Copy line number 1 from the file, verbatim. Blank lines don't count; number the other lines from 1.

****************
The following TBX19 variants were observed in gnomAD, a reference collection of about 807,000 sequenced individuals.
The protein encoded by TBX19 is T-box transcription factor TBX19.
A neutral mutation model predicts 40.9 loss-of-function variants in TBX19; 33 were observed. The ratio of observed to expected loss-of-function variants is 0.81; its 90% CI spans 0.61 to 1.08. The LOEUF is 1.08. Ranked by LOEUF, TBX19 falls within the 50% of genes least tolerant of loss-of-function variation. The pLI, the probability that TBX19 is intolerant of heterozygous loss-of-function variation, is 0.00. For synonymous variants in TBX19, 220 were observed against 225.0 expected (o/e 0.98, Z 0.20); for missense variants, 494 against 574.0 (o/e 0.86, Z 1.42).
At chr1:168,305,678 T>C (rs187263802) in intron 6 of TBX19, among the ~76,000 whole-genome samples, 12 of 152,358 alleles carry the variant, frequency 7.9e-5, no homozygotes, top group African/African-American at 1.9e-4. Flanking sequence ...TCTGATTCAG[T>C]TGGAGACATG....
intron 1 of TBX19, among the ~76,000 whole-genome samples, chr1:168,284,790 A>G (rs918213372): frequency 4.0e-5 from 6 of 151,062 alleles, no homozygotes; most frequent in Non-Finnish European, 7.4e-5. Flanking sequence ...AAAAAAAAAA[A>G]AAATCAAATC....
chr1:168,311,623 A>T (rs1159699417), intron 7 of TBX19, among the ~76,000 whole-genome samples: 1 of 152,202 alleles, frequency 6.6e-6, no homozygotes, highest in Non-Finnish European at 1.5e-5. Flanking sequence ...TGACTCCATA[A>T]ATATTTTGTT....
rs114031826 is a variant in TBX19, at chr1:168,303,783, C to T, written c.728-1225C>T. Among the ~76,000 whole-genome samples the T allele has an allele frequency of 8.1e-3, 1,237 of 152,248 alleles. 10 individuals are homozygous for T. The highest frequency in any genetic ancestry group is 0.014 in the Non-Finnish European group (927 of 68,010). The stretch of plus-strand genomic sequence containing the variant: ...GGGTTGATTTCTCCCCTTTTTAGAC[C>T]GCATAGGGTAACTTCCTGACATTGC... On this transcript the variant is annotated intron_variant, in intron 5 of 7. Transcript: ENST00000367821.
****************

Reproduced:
The following TBX19 variants were observed in gnomAD, a reference collection of about 807,000 sequenced individuals.